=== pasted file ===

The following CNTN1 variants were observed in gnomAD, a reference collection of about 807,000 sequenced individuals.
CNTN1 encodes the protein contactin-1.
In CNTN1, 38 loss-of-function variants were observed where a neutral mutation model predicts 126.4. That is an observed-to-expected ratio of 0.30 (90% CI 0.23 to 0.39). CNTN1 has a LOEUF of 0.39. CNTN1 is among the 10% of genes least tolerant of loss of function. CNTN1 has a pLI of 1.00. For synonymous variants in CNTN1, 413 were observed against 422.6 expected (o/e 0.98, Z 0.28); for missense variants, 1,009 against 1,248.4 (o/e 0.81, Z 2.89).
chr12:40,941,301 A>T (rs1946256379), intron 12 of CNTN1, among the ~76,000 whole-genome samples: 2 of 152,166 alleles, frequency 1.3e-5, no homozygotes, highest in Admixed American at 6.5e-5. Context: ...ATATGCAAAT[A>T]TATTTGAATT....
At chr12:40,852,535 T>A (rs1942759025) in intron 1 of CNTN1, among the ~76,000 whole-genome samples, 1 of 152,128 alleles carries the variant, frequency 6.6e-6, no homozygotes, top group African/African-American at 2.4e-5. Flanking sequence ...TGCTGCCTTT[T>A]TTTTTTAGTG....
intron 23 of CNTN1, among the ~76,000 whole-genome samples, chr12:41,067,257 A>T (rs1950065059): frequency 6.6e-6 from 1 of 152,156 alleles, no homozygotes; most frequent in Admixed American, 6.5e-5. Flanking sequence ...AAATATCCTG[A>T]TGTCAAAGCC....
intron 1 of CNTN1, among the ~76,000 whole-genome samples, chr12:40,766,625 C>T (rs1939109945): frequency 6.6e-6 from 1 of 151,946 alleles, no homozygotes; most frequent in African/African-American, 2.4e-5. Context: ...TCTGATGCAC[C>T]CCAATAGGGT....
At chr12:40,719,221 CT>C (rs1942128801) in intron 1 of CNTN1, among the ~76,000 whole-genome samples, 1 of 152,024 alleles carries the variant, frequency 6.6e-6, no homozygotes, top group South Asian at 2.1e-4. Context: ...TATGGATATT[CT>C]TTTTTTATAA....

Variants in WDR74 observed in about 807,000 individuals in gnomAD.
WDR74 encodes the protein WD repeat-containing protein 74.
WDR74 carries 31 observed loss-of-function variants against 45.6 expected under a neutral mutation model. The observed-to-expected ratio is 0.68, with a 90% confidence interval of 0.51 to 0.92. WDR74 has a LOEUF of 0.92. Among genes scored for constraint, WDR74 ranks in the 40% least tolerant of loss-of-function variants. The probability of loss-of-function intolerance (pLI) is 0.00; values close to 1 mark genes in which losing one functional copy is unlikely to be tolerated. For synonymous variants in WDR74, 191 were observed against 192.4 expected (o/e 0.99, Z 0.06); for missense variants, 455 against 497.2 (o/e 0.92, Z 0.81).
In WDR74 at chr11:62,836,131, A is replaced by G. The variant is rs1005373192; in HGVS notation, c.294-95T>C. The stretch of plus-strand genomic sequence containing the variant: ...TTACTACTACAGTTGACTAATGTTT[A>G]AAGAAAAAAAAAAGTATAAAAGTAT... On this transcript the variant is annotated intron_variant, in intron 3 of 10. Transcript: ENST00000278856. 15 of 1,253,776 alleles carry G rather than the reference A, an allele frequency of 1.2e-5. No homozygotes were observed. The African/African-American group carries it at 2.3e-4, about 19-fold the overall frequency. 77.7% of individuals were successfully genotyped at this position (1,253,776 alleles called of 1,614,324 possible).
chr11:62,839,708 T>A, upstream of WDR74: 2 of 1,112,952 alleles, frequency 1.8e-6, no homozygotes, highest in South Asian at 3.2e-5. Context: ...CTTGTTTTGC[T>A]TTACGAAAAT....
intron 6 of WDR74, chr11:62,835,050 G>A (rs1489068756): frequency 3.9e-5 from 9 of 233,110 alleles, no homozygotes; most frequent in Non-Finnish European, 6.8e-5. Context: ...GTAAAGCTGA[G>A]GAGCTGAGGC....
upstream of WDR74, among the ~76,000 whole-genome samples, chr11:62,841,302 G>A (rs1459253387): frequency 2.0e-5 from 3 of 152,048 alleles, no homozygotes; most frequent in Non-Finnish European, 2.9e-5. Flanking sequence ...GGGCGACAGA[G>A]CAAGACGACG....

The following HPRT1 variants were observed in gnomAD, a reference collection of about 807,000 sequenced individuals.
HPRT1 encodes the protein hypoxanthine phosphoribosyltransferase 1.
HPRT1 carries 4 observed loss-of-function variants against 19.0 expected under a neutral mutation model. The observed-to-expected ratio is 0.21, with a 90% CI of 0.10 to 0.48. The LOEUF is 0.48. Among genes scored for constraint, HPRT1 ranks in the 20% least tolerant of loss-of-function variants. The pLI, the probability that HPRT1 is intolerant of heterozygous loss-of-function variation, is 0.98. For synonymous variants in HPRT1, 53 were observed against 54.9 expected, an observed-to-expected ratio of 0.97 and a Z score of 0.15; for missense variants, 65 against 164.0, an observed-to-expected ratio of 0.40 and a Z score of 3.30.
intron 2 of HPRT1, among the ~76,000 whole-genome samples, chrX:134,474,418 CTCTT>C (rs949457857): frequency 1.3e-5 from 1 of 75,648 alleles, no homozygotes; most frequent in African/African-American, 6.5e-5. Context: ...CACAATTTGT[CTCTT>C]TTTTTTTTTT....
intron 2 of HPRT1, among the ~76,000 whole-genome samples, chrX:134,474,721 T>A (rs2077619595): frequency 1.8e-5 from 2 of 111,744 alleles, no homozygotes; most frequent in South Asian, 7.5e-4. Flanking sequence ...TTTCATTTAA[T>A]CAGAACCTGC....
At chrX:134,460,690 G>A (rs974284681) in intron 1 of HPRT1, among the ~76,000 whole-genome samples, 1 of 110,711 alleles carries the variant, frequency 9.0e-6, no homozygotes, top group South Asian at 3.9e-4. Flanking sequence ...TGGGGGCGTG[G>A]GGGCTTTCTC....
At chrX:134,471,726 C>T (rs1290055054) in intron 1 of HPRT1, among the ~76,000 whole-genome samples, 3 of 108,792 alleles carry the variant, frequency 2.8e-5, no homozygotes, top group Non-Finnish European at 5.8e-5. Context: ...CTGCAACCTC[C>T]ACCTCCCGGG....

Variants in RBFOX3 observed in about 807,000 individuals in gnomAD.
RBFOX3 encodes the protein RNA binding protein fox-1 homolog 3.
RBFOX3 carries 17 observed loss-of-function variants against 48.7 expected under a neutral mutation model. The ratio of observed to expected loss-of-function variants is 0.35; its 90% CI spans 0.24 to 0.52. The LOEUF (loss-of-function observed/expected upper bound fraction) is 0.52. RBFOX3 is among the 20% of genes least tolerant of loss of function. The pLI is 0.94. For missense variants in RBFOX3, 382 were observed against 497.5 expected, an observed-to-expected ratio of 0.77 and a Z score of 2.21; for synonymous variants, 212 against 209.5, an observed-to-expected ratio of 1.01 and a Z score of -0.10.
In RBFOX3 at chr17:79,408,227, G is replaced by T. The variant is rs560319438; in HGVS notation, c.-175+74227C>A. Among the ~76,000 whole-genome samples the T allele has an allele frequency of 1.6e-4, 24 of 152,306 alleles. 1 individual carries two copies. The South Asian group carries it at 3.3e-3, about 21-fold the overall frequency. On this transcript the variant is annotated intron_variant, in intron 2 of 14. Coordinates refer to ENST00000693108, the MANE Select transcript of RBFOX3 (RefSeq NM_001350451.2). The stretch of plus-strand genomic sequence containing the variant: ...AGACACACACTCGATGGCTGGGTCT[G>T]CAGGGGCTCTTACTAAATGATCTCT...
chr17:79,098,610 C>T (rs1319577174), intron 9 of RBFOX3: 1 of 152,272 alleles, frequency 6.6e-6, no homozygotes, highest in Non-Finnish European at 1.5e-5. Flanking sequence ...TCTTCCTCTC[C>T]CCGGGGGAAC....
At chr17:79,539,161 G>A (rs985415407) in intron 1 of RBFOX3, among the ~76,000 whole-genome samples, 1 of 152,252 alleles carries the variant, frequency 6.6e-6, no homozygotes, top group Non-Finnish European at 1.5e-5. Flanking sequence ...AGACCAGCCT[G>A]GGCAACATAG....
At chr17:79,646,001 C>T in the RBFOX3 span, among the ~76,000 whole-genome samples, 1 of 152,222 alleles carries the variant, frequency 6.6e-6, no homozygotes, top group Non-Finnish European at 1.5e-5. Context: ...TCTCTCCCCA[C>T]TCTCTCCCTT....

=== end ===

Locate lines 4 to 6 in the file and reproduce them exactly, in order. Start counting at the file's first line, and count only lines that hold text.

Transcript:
chr12:40,941,301 A>T (rs1946256379), intron 12 of CNTN1, among the ~76,000 whole-genome samples: 2 of 152,166 alleles, frequency 1.3e-5, no homozygotes, highest in Admixed American at 6.5e-5. Context: ...ATATGCAAAT[A>T]TATTTGAATT....
At chr12:40,852,535 T>A (rs1942759025) in intron 1 of CNTN1, among the ~76,000 whole-genome samples, 1 of 152,128 alleles carries the variant, frequency 6.6e-6, no homozygotes, top group African/African-American at 2.4e-5. Flanking sequence ...TGCTGCCTTT[T>A]TTTTTTAGTG....
intron 23 of CNTN1, among the ~76,000 whole-genome samples, chr12:41,067,257 A>T (rs1950065059): frequency 6.6e-6 from 1 of 152,156 alleles, no homozygotes; most frequent in Admixed American, 6.5e-5. Flanking sequence ...AAATATCCTG[A>T]TGTCAAAGCC....